My old habits from surfing keep creeping back - everytime I see a steep, curling section, I want to paddle to it and takeoff as if I was on a standard shortboard. Unfortunately, being on a larger hydrofoil quickly brings me back to reality. I've made a few of these drops - but I have eaten it on way more. I wish there was a foil that was smaller enough to let you make the drop without popping out the water, but still large enough to cruise the inside where the swell is smaller.
While I was riding the inside, I had several lined up racetrack walls where I could just ride on the foil without pumping. Then as the section broke up, I would crank out a hard banked turn and shoot back 180 to do it again going the other way. This wing definitely moves faster that the CF1600 and I can turn harder. This endeavor I've embarked on has been one of the most challenging and rewarding pursuits - so much fun making it and getting worked over!
Also - because I didn't take any pictures, I sanded the 4'10" through the 120 and 180 grits. I went ahead and sprayed the bottom with clear coat. I drilled out the leash plug hole. And lastly I painted the front half of the top deck and got a pinline around the painted section.
The swell hit and it was solid. Overhead on the sets!!! I brought the longboard and caught 6 bombs on the outside before going to surf the inside. There was no wind and the tide was low.
It has been a long while since I rode anything but the foilboards. It was a nice change to ride the longboard, but I had a psychological block on moving my feet (because of the foiling - I don't move my feet).
It is awesome that we got this swell this late in the year - a true gift from the southern hemisphere!!!
It never ends... at least it seems that way. I got through the 60 grit final sanding (final before painting - and then there is more sanding after that). I'll do a 120 and a 180 sand tomorrow. After that I'll use a light colored spray paint to add protection against the direct sunlight. Then I'll sand that coat down to just what is needed for said protection (see - the sanding never ends). After that, I'll use a clear coat and cover everything to get it nice and shiny again. After that - you guessed it - one last sanding - this one will be the 400 grit wet sand.
Then I'll drill out the leash plug hole and get that set. If I get all this done tomorrow, I'll surf this on Monday (Veteran's Day!!!).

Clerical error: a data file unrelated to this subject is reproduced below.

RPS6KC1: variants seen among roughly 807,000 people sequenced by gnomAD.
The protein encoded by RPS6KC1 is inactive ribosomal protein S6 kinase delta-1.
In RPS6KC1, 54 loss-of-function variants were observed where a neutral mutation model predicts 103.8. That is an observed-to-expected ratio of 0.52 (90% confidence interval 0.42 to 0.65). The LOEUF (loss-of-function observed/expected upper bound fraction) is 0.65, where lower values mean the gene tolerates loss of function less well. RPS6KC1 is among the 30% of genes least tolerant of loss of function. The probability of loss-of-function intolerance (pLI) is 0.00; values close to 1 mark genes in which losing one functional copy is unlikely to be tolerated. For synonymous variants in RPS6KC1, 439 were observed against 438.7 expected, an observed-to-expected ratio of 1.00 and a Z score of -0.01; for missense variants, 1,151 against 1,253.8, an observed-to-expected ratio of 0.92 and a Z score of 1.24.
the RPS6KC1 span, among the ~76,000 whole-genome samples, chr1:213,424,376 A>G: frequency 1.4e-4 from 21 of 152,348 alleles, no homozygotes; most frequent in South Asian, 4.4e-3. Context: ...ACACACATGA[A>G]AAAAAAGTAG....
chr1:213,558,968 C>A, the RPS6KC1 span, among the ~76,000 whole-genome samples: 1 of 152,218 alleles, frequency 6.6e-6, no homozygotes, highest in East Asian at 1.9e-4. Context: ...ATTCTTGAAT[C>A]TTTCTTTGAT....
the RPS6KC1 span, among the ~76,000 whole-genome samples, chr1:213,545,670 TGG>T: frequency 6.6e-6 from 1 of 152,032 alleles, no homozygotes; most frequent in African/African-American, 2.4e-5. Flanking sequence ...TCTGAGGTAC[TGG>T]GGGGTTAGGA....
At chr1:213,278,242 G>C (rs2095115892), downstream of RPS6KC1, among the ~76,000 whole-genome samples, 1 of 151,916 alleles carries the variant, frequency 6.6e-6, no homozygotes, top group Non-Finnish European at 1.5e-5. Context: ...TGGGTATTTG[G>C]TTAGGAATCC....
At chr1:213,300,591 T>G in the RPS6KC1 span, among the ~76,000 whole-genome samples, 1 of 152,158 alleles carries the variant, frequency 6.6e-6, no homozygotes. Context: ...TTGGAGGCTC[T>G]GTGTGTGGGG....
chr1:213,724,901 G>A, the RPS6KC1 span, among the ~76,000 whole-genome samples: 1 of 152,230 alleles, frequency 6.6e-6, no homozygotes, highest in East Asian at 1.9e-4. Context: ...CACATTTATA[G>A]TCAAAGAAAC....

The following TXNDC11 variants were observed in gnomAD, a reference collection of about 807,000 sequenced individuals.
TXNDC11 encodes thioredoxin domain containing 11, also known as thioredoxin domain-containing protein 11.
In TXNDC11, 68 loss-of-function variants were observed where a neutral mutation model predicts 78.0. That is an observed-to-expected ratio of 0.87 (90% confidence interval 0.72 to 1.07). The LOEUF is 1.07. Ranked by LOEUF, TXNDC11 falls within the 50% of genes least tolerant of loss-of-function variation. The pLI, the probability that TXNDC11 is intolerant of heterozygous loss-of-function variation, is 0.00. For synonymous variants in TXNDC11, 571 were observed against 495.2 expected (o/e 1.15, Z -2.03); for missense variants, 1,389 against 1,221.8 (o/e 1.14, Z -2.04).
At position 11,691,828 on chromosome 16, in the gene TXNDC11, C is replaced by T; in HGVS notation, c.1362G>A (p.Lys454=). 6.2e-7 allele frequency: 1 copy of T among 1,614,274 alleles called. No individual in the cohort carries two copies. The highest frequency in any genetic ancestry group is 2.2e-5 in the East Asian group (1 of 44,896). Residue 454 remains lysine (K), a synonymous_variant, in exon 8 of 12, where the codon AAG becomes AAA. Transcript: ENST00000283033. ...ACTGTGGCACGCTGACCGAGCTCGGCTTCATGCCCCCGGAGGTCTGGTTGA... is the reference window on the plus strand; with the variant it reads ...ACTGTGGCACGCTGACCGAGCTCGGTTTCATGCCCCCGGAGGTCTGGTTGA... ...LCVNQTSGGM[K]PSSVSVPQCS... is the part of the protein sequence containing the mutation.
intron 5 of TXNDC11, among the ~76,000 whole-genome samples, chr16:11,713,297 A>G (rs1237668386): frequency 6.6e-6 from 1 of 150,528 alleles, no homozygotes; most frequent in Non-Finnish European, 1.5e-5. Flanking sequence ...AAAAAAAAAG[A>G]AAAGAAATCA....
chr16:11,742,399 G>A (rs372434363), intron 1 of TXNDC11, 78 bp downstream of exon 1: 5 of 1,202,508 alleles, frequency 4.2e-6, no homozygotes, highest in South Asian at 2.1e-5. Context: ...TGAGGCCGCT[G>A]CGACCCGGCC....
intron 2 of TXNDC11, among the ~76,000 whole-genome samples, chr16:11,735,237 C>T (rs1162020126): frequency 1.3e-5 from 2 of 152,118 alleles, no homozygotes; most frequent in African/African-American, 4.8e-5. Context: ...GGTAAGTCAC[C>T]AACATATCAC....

Sounds easy enough (not) - but I still haven't picked the paint color or printed out the logos. I might just spray paint the logos on and use posca pens for the dimensions...
Nice chunk of energy directed North - the waves were nearly head high on the sets and the background waves were waist high. What an awesome gift from the Southern Hemisphere in November!
I went out from 2:00 to 4:30pm when the tide was high (at 1.4' - with the waves breaking so far out, the water was deep - no worrying about hitting bottom waiting for waves. The wind was pretty much non-existent, and the crowd was manageable. I kept getting drawn out to try and catch the big ones while they were green. I picked off a couple successfully - but ate it a several more. Pitching lips, bottoms dropping out and bad foot placement on takeoff - made for a humbling experience. I really didn't think it was going to be as big as it was so I left the CF1600 on - I should have bolted on the HS1550. At least I got to find the upper end of the CF1600 on the 5'2". I'll switch it out tomorrow (the swell is supposed to stick around until Tuesday - like I said earlier - a total gift this late in the year).
I did get some really long rides - speed runs along the wall, cutbacks (although large radiused) as the sections closed, and a few flirts with pitching sections - I LOVE FOILING!!! I should have stayed closer in and just picked up the reform - I would have been more successful - but then I wouldn't have had all those awesome wipeouts!
Busy-busy-busy. Only had an hour to get wet. Brought out the 5'2" and used the CF1600.
No wind - falling tide (got there at 1.2', it was getting shallower by the minute) - and the swell was stomach high (can't complain about that in November!).
I had the foil set at the same spot the Infinity 76 was set to. I caught three waves, but the foil seemed slow to rise. I paddled in and brought the foil forward about a centimeter. It was better, but still seemed like I could do better (next outing I'll move it up a hair) - but after several more waves on the setting it was time to head back in. Marlon said he had a great time. He was on the outside and got to pick off some gems.